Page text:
Letters from Ankara

Fellows Spring 2004

By Siobhan Roth

June 04, 2009

In Turkey these days, the national conversation revolves around one topic: European Union membership. Ankara’s bid to join the exclusive club drives everything from the way traffic tickets are processed to resolving the decades-long Cyprus standoff. The recent local elections, usually contentious, felt like a distraction. In December, the 25-member EU will decide whether to initiate negotiations on Turkey’s accession. The countdown has begun.

Turkey has always bridged East and West, but today the country is also an officially pro-Western buffer between Europe and its volatile neighbors to the east. The fall of the Soviet Union appeared to have lessened Ankara’s strategic importance within NATO, but the rise of international terrorism, continued turmoil in the Greater Middle East, and the country’s emergence as an oil and gas corridor have resurrected Turkey’s significance—and the desire of Western nations, including the United States, for Turkey to bind closely with the West. The fear on both sides of the Atlantic is that another delay, or rejection by the EU, will propel Turkish sentiments eastward.

At stake domestically in Turkey’s accession bid are the most dramatic political, social and economic reforms since Mustafa Kemal Atatürk established the republic in 1923.

Prime Minister Recep Tayyip Erdogan’s Justice and Development (AK) Party has formed the first non-coalition Turkish government in almost 20 years. Surprising to those who mistrust the party’s Islamist roots, AK has championed the reform packages as the key to Europe. In response, Turkish voters, 75 percent of whom favor EU membership, overwhelmingly supported AK in local elections March 28. Most significant among the reforms are extending human rights protections to minorities—specifically, Kurds, who compose 20 percent of the population—and curtailing the military’s role in politics.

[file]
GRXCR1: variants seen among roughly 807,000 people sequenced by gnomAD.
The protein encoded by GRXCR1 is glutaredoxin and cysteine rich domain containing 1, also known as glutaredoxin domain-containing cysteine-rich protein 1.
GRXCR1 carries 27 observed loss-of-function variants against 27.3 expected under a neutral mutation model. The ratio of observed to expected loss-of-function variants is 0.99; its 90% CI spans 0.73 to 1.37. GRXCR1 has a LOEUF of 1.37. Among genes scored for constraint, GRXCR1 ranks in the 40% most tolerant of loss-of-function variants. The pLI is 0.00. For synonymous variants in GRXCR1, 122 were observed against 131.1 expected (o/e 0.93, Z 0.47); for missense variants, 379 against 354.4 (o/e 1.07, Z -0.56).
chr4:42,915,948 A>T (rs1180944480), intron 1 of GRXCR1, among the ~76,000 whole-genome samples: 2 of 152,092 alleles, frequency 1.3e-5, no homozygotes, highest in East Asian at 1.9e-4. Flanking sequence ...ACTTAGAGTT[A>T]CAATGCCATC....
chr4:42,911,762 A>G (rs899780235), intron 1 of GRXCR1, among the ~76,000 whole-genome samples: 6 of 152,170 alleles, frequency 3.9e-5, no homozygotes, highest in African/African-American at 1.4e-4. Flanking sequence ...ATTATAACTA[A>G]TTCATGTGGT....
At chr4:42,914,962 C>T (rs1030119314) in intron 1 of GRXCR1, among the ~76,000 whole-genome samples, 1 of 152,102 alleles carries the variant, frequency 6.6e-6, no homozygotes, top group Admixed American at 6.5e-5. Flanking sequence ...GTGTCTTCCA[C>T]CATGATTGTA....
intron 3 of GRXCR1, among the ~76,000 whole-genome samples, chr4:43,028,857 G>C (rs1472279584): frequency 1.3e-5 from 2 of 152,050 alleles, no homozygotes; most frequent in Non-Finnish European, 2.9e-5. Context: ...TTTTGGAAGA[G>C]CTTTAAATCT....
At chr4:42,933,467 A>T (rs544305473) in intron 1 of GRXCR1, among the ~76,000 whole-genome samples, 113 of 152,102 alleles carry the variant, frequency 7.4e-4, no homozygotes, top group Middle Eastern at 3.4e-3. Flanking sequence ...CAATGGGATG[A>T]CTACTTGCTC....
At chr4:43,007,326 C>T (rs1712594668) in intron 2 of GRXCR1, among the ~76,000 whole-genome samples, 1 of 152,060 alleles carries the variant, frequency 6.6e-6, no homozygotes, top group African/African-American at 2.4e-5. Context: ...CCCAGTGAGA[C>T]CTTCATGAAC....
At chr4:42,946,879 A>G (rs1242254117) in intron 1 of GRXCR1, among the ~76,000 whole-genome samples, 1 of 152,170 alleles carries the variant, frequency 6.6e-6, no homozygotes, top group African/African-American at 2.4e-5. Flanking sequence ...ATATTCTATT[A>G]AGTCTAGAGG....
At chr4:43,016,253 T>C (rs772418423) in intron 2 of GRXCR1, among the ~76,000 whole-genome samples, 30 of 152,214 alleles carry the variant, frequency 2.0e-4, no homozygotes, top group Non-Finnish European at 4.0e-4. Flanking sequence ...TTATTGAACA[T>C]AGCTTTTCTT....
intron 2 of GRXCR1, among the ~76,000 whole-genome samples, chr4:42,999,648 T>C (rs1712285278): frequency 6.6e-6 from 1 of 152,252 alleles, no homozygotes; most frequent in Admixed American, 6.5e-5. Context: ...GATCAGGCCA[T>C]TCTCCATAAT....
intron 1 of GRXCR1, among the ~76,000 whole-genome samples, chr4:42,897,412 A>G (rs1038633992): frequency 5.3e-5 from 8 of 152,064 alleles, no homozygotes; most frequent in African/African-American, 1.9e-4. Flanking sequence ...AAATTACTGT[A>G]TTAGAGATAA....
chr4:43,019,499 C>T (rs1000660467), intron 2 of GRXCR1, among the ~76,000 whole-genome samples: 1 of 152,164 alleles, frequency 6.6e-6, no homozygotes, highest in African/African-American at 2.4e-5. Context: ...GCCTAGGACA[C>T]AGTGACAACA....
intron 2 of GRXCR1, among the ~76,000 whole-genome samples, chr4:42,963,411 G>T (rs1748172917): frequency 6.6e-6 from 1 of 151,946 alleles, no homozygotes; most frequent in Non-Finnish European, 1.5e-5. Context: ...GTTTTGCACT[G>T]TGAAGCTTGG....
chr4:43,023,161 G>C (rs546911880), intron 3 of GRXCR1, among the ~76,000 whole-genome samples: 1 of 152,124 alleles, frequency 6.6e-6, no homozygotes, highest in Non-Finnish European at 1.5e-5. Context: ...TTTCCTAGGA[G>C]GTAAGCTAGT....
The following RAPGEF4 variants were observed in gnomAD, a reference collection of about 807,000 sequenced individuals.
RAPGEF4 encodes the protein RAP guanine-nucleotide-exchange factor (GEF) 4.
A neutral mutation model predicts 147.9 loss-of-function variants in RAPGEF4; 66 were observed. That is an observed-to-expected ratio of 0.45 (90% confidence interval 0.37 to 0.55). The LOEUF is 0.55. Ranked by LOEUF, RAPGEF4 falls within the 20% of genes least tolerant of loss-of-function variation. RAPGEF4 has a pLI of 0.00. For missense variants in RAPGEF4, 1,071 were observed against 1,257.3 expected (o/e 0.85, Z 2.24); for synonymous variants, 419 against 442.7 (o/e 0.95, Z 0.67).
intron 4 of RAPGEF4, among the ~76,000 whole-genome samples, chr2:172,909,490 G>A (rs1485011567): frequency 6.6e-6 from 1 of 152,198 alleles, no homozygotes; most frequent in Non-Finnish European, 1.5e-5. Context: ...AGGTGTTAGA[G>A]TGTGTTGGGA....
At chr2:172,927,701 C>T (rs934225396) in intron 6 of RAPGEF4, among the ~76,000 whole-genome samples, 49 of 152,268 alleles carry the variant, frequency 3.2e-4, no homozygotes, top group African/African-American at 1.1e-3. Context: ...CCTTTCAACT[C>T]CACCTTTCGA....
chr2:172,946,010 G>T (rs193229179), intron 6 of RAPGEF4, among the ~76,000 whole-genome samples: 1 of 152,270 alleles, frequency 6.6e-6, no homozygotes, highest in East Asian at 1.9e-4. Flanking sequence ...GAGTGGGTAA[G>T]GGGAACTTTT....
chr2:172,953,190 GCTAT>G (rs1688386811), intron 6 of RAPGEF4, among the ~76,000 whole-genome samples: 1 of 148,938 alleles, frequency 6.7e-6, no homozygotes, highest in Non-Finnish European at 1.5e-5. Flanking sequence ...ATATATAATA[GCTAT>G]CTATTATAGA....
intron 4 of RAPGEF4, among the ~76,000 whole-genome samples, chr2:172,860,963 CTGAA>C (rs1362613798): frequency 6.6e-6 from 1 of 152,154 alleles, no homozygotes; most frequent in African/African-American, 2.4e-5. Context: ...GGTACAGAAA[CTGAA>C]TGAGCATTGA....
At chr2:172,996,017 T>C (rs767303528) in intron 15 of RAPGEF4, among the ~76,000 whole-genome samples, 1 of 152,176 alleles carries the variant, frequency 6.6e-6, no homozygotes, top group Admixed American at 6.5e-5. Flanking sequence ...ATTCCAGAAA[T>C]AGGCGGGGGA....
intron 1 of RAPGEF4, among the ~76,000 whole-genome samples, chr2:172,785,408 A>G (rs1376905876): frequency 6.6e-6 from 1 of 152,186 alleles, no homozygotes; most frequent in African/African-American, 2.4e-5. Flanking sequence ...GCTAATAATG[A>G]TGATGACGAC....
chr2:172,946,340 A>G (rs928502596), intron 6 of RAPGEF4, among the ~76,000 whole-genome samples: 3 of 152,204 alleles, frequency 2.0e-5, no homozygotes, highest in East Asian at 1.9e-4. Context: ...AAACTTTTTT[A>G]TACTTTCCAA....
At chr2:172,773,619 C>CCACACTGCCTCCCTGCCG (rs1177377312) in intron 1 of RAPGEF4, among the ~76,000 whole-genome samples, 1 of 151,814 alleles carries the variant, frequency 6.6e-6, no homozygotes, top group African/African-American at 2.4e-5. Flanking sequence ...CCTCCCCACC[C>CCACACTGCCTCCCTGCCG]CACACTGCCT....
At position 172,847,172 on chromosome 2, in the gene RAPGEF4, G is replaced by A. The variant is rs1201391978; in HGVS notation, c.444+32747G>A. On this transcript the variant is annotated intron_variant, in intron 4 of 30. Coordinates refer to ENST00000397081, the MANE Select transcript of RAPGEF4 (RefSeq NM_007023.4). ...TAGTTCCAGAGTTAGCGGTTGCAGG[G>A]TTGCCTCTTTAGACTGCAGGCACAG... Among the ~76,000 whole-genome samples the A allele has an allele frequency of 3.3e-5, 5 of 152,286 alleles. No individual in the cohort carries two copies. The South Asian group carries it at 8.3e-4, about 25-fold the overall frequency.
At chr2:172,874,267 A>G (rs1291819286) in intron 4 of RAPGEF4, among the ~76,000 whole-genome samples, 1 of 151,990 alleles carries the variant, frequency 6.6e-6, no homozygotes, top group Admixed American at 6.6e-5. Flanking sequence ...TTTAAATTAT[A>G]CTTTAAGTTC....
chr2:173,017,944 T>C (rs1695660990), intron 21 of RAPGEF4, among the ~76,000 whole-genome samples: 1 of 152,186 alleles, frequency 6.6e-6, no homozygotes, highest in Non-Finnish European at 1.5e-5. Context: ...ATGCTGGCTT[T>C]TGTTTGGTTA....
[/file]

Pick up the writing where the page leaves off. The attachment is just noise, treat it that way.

Meanwhile, the government has pulled off the Herculean feat of stabilizing the Turkish lira and trimming inflation to 18.4 percent, down from 68.5 percent in 2001.

Despite Ankara’s fiscal magic, unemployment hovers around 10 percent, and the standard of living for many Turks falls far below that of their EU counterparts. Per capita annual gross domestic product is 5,500 euros, compared with 24,010 euros for the original EU member states and 11,250 euros for those that joined May 1. In impoverished Diyarbakir, locals say the most obvious benefit of accession is easier migration to Western Europe. But in both Turkey and Europe, the question persists whether Turkey is European.

The answer, for many Turks, is not yet. “Turkey is not Europe,” says Oya Sa∂diç, a Diyarbakir teacher. “But we look toward Europe. For our future, we must be European.”

Certainly, Turkey’s southeastern provinces don’t feel European. In Diyarbakir, women bargain for groceries in black robes revealing only their faces and hands. Men pack the teashops from morning until night, drinking endless cups of sugary brew. Children, grime ringing their necks and wrists, wind through the crowded streets selling tissues and 20-cent shoeshines to supplement the family income. Farmers turn the soil, pulling wooden tills behind them. “Honor killings” of girls and women thought to have disgraced the family, though illegal, are prevalent.

A culture clash with Turkey’s backwaters is not the only thing that could make the transition to Europe difficult.

Powerful segments of Turkey’s elite reject the promises of European inclusion. In March, a document was leaked to the press detailing military plans to keep track of—among others—pro-EU and pro-U.S. groups, foreigners, ethnic minorities, Freemasons and Ku Klux Klan sympathizers. Further evidence of discontent surfaced in another leak revealing that the gendarmerie had ordered members to read an anti-Western magazine.

The EU-driven reforms will likely continue to diminish military influence. No one in Turkey has forgotten the bloodless 1997 coup, when the military pushed out the elected Islamist government. A risk remains that the military could act to derail Turkey’s EU bid, says one U.S. Embassy official in Ankara.

Despite support from key European leaders, Turkey may not get what many Turks want this December. In a recent report, a European Parliament committee lauded Turkey’s reform plans but warned that more concrete progress must follow soon. Implementation of the reform agenda is an issue, agrees the U.S. Embassy official. He expresses optimism, however, about the chances of the government’s Western-leading reforms.

“Bringing Turkey into the EU . . . is a further guarantee of Turkey’s stability, that it is pro-Western,” he says. He warns, however, “If the EU turns Turkey away, it will strengthen the hand of those who would turn the country eastward.”

— Siobhan Roth